Keeping in mind that the folate test itself is prone to inaccurately reflecting the actual folate stores in the body,10–15 our incidence of low folate values was higher than previously reported.7 Our laboratory reports low folate as “<3.5 ng/ml” and does not specify lower values. There is no standard normal value, in part because levels measured by this test often do not reflect the body's actual folate stores.10 The normal value cutoff reported in other institutions range from <3.0 to <1.5 ng/ml, which are lower.14 Additionally, in our analysis, one-third of low folate levels did not have macrocytosis, and approximately one-fourth of low levels were associated with hospitalizations for alcohol withdrawal, wherein falsely lower levels have been reported with high alcohol intake.10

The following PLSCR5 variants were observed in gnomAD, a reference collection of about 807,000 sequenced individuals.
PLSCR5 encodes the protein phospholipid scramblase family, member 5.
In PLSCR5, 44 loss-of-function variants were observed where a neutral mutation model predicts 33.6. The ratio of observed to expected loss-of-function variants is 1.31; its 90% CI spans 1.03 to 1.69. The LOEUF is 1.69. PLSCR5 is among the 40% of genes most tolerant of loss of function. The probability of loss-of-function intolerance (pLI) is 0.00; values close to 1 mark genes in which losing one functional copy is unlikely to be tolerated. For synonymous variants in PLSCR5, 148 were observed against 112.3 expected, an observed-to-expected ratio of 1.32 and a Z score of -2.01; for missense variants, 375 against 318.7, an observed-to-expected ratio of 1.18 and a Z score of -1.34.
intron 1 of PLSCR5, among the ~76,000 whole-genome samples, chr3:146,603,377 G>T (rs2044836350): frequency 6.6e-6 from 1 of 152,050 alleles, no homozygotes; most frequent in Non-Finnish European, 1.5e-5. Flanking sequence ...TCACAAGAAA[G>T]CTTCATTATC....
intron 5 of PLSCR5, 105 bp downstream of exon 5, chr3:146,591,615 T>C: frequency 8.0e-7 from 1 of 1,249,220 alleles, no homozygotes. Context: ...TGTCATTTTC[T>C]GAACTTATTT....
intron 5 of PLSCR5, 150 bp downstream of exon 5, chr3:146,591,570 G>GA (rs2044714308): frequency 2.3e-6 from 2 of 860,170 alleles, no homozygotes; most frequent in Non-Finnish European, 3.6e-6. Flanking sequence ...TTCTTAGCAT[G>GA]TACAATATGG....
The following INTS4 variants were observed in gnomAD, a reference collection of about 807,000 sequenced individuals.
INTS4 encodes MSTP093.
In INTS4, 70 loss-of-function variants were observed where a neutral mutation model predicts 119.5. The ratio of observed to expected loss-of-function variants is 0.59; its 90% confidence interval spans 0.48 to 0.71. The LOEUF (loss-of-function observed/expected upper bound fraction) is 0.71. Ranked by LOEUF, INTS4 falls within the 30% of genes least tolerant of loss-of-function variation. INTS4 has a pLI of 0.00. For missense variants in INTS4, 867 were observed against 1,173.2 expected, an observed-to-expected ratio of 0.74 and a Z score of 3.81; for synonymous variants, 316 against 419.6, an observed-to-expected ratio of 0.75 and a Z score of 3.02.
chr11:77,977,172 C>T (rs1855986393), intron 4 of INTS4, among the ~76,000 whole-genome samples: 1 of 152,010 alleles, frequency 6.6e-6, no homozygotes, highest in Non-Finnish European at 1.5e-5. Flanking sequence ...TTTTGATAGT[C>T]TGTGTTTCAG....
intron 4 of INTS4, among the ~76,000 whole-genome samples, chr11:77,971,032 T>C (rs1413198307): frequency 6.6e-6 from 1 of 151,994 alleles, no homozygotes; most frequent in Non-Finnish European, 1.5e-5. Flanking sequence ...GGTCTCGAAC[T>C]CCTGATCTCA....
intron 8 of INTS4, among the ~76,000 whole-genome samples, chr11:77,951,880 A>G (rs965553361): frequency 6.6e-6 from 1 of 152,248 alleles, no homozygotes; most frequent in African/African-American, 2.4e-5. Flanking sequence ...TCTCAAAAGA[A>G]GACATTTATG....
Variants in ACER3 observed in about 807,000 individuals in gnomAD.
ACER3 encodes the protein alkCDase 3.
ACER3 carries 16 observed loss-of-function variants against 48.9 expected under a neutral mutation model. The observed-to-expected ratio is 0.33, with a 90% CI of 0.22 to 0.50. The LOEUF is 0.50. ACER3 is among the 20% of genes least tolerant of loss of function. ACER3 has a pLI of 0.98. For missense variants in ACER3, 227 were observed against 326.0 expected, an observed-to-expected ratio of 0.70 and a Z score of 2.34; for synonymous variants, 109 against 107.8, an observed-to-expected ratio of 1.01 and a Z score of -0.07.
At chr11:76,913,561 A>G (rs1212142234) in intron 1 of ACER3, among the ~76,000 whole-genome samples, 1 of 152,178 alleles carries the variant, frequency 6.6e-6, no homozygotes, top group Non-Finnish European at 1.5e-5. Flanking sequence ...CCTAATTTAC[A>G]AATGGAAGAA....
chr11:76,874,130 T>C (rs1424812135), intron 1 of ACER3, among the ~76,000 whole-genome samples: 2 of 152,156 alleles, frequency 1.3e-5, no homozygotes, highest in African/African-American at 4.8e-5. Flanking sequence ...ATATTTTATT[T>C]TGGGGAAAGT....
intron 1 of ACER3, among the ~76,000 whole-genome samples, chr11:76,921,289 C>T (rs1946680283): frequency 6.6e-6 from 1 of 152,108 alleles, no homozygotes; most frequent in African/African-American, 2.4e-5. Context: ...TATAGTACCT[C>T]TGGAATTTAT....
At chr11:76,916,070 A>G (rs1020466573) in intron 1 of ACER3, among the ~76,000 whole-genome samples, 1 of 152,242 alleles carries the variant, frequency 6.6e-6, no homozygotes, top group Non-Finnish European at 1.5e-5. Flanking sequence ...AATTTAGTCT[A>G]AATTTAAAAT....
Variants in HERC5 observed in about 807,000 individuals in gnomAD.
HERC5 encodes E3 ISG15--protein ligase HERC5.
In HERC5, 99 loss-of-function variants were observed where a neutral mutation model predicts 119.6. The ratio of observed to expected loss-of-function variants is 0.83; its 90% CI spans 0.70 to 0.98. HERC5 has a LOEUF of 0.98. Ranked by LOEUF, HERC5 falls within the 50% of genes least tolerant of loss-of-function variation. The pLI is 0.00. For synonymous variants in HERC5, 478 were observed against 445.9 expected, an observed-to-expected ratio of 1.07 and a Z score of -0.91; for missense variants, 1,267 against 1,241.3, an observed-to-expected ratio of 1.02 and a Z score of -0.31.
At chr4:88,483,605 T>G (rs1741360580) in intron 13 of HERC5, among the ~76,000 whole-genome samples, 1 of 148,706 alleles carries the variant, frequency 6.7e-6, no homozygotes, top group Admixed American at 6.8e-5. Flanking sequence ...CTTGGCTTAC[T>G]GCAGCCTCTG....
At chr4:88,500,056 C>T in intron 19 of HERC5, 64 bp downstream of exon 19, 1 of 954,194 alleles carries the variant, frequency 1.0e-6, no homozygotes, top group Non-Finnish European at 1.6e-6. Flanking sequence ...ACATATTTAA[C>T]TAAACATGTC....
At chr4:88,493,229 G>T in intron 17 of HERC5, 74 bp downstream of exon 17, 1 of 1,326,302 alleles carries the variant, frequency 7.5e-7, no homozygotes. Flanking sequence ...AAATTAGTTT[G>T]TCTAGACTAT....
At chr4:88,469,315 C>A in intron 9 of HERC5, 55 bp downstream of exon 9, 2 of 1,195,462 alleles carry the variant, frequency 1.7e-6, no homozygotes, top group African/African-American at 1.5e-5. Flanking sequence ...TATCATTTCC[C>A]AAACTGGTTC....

Unnecessary folate laboratory testing is widespread and an important target for reduction. Our project successfully demonstrated 87% reduction in inpatient folate laboratory testing and $26,719.56 cost savings per year among hospitalist teams. We utilized a multifaceted intervention including education, targeted feedback, and EMR change. This was achieved through a bottom-up, student-led process, with engagement of front-line clinicians. Given the prevalence of unnecessary folate testing and its associated costs, further models for reducing overtesting are needed.
Education, clinician-targeted feedback, and EMR change is a practical approach in curbing clinician folate ordering, particularly in settings where it is difficult to obtain institutional buy-in to prohibit front-line clinicians' ability to order. Order sets may be a strong driver of overtesting in many institutions, but without additional education and feedback to change clinicians' understanding, EMR changes alone may not be as effective. Further research is needed to examine this intervention in other settings and disciplines, as well as the impact and sustainability of each phase alone.